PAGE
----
Time Warner Cable (NYSE: TWC) will unveil a new brand for its cable service later this year in New York City and Los Angeles, where it plans to launch new wideband Internet tiers and super DVRs containing six tuners, CEO Rob Marcus said Thursday.
"I think our customers will be blown away," Marcus said on TWC's fourth-quarter earnings call, where he also defended TWC's management team and operating strategy, which has been criticized in recent weeks by suitor Charter Communications (Nasdaq: CHTR).
Time Warner Cable will increase the speed of its standard high-speed Internet tier to 50 Mbps in New York and Los Angeles, and increase the speed of its Turbo package to 100 Mbps, Marcus said. It will also offer an Ultra tier boasting speeds of up to 300 Mbps.
TWC, which lost 217,000 net video subscribers in the third quarter and more than 800,000 video subscribers in 2013, faces stiff competition from Verizon's (NYSE: VZ) FiOS TV and Internet products in New York and Los Angeles.
TWC is boosting its broadband speeds by converting systems to an all-digital platform, and deploying DOCSIS 3.0 technology. The MSO has been using the brand "TWC Maxx" internally and in meetings with investors. TWC won't rename the company. Instead, it will introduce a new sub-brand, similar to Comcast's (Nasdaq: CMCSA) Xfinity and Cablevision's (NYSE: CVC) Optimum brands.
TWC will expand the rollout of advanced products to subscribers in other markets in 2015 and 2016, Marcus said.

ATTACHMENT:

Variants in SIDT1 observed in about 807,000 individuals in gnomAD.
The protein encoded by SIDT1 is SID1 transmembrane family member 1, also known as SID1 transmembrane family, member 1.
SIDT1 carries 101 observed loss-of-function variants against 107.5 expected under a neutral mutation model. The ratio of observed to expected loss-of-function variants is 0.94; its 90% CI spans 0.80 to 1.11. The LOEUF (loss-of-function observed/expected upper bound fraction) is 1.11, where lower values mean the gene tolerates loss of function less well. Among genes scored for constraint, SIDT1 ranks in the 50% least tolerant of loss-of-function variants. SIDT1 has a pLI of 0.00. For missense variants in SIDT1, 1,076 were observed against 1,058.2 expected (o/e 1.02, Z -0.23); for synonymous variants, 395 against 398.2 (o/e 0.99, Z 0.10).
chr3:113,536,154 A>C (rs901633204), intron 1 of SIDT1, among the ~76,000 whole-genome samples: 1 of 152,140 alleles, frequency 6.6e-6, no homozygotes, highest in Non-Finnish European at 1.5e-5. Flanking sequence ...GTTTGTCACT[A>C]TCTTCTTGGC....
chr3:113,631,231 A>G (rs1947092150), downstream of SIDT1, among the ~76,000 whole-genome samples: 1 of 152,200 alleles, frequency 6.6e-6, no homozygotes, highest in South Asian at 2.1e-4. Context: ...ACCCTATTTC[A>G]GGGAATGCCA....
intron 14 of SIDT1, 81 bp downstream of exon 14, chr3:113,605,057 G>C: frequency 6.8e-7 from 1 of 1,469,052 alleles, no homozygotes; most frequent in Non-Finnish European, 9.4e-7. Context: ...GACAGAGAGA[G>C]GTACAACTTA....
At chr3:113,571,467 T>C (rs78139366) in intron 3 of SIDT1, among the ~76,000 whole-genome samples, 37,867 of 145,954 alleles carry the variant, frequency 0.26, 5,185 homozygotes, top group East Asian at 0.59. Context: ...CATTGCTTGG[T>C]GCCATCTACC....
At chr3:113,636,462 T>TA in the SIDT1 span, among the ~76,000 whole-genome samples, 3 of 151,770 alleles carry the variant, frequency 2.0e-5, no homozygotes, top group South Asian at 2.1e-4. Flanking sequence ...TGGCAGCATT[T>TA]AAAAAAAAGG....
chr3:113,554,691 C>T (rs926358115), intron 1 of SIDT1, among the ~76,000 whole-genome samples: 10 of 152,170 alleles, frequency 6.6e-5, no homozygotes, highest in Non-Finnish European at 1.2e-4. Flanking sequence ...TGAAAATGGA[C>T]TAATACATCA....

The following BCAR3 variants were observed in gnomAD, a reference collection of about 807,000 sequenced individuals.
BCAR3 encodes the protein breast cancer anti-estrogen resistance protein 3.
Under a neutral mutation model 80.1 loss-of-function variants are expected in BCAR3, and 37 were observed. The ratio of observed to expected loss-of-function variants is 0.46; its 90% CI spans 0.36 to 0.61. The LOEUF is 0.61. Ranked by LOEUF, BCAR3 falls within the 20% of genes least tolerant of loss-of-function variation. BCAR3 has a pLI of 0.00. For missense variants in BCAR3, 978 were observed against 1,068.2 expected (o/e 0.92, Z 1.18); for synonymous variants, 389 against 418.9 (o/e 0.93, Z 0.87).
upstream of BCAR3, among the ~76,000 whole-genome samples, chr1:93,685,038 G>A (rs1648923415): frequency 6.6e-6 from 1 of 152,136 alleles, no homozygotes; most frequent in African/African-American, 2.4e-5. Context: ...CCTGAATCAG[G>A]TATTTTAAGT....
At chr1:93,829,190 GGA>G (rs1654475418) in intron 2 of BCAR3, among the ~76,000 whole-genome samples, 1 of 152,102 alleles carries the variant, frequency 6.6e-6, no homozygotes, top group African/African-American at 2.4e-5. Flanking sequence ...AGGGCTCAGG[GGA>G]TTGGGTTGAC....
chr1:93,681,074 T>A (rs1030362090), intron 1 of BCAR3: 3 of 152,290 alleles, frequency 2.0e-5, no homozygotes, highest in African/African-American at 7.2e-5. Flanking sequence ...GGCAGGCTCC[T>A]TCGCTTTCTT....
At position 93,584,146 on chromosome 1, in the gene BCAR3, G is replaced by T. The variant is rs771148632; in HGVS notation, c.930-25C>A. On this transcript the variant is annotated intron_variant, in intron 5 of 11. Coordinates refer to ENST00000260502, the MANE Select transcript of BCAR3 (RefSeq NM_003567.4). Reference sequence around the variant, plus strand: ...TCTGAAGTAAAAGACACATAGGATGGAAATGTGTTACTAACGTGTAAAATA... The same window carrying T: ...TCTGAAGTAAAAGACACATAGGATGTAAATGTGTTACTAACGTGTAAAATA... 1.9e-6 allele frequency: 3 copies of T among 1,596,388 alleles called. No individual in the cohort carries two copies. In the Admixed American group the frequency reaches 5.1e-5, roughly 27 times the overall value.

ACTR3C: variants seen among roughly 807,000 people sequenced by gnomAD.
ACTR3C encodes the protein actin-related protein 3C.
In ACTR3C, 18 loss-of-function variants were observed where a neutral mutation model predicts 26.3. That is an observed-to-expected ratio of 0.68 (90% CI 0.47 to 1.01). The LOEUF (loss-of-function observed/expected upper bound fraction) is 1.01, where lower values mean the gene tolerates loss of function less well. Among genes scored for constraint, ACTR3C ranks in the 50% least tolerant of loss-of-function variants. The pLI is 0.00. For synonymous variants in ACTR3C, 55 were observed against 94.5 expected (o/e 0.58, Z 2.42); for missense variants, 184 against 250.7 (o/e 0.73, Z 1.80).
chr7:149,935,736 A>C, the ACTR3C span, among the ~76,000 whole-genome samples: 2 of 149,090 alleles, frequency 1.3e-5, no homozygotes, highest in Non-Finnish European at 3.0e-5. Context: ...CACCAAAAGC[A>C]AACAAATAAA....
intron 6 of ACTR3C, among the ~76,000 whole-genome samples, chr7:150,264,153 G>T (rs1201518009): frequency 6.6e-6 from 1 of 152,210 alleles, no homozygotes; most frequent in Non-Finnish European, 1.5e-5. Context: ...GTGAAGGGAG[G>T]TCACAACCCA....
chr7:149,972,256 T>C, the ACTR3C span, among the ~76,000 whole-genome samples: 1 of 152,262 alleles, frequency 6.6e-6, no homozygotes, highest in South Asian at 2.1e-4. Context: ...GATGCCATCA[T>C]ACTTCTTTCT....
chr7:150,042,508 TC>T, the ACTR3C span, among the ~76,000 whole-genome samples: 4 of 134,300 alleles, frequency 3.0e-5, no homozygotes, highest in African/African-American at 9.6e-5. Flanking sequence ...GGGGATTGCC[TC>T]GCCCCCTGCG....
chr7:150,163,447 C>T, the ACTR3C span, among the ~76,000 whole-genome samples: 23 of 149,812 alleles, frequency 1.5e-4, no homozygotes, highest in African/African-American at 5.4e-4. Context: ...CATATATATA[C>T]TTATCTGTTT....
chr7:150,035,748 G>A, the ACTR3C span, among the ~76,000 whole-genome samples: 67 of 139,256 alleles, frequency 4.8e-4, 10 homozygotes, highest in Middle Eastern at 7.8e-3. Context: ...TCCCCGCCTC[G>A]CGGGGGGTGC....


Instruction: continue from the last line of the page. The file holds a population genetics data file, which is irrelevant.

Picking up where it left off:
Marcus spent much of the earnings call defending TWC's upgrade schedule and its management team, responding to public comments from Charter CEO Tom Rutledge, who recently described TWC as "troubled," and Charter COO John Bickham, who told investors earlier this month that TWC had a "flawed go-to-market strategy."
Charter Communications announced earlier this month that it had offered to acquire TWC for $132.50 per share, and executives at Charter investor Liberty Media (Nasdaq: LMCA) have said that Charter's management team would be more effective at running TWC's cable systems.
"I'd argue that our leadership team is as talented and experienced as any in the industry," Marcus said.
Marcus also had new TWC COO Dinni Jain give a presentation on the call. Jain, a veteran of Insight Communications and former British cable company NTL (its systems are now owned by Virgin Media), insisted TWC is headed in the right direction. "I've never been a big fan of the larger cable companies in the U.S.," Jain said. "This is a new Time Warner Cable," he added.
While TWC lost 217,000 video subscribers in Q4, the MSO said that it gained 39,000 high-speed Internet and 1,000 voice customers. Business services was a bright spot, with revenue increasing 19.6 percent to $616 million.
TWC posted $827 million in capital expenditures in Q4, a decrease of $77 million compared to Q4 2012.
The MSO remains a "work in progress," Jefferies & Co. said in a research note Thursday. "TWC is doing what it needs to do to bolster its position ahead of potential M&A. The company is demonstrating the early success of its turnaround efforts with improving monthly trends throughout the quarter and into January."
TWC stock increased slightly following release of its Q4 report and earnings call, with shares trading at $133.30, up $1.20, or nearly 1 percent, at 11:55 a.m. ET.
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